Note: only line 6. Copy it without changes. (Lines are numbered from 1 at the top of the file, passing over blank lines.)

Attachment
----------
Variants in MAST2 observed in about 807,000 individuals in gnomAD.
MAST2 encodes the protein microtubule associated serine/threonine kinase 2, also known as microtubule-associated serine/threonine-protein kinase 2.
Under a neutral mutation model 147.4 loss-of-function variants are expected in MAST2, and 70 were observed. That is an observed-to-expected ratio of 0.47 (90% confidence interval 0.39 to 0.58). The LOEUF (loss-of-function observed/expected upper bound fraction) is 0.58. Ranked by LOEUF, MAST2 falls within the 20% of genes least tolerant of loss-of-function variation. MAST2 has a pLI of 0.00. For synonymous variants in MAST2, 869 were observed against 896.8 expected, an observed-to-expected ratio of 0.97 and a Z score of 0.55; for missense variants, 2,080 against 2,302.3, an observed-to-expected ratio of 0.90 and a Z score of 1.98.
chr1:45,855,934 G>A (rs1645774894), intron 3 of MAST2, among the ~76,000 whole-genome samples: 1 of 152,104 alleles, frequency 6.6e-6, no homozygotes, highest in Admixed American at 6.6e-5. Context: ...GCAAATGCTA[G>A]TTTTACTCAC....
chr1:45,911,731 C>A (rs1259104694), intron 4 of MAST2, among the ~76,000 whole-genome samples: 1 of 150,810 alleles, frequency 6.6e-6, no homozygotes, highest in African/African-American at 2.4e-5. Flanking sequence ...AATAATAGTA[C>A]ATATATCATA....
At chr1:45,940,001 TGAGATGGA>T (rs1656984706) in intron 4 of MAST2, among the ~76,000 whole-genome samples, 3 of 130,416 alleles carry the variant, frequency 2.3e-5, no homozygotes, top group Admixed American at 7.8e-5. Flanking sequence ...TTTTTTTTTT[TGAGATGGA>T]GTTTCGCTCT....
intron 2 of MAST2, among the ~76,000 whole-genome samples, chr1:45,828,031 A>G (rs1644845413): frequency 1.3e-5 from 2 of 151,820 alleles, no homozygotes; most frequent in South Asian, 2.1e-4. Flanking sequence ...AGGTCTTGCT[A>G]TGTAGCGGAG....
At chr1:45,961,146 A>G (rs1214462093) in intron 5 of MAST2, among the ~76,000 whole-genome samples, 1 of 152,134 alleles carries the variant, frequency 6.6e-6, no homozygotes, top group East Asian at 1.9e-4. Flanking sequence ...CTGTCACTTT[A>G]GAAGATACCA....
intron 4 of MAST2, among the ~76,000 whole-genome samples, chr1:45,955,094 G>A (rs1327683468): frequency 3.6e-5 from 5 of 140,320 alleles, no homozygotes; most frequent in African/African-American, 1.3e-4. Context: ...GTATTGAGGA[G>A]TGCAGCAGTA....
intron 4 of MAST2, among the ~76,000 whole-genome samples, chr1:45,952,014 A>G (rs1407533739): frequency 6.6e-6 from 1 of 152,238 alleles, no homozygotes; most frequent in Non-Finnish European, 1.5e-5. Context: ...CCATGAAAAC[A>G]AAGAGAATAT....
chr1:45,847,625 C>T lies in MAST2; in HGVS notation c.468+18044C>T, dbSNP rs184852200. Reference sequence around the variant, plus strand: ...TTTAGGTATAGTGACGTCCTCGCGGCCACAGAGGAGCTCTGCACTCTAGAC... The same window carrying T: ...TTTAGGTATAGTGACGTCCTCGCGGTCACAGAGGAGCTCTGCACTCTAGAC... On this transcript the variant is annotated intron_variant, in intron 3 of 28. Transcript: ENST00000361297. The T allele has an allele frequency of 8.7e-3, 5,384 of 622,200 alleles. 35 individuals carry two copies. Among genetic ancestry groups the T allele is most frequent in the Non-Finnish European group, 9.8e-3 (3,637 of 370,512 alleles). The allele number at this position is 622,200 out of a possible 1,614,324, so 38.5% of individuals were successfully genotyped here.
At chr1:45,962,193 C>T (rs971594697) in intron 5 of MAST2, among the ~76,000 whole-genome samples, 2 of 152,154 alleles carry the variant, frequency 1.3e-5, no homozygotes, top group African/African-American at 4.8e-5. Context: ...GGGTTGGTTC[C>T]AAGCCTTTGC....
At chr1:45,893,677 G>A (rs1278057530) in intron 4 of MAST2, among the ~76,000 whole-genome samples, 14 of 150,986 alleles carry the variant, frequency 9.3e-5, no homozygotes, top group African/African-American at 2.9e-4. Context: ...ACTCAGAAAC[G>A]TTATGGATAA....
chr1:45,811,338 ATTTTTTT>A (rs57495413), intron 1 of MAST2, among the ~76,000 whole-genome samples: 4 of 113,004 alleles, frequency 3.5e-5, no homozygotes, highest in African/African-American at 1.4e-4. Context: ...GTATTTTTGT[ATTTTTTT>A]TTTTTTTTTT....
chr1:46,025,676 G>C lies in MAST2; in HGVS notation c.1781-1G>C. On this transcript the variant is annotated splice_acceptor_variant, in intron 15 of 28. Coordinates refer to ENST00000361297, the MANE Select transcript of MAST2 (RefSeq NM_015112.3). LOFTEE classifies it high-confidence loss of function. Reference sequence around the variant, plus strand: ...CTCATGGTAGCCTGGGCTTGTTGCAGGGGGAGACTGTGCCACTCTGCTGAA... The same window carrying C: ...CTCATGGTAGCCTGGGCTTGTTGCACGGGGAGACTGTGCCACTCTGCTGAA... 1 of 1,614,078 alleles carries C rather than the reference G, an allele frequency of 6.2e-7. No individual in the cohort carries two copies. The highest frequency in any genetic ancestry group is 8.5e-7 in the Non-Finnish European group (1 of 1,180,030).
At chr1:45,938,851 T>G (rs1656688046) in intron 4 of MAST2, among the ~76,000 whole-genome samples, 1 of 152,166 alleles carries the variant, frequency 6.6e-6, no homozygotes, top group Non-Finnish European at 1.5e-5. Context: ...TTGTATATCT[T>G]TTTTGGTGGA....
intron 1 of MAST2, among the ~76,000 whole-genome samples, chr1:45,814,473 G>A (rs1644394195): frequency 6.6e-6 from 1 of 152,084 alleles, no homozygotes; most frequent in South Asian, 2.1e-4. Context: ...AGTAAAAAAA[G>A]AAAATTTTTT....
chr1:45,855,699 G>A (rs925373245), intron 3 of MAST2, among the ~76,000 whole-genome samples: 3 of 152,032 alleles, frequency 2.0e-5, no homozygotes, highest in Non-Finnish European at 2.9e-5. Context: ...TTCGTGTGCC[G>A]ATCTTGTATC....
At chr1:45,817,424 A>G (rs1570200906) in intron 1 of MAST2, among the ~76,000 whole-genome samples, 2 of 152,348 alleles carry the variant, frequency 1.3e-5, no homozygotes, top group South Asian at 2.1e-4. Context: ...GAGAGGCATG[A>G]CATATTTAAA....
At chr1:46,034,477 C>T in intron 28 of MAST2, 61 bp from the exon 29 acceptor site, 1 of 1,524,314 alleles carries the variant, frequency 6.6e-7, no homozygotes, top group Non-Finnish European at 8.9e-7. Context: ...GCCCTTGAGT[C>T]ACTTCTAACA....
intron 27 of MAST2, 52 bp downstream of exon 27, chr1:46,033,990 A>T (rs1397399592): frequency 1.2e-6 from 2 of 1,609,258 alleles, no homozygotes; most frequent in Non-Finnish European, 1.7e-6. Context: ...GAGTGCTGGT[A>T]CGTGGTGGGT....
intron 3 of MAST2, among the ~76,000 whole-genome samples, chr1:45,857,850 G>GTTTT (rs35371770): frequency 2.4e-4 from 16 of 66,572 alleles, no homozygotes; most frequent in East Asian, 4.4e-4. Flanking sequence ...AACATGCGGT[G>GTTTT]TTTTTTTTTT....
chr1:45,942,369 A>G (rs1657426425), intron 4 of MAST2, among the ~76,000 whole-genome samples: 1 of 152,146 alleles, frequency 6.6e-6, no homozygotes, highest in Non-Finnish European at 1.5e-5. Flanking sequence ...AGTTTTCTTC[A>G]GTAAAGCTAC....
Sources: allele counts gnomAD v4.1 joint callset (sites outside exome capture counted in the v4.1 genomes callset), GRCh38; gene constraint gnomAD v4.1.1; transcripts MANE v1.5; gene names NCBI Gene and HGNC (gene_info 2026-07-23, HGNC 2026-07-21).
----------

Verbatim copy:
At chr1:45,940,001 TGAGATGGA>T (rs1656984706) in intron 4 of MAST2, among the ~76,000 whole-genome samples, 3 of 130,416 alleles carry the variant, frequency 2.3e-5, no homozygotes, top group Admixed American at 7.8e-5. Flanking sequence ...TTTTTTTTTT[TGAGATGGA>T]GTTTCGCTCT....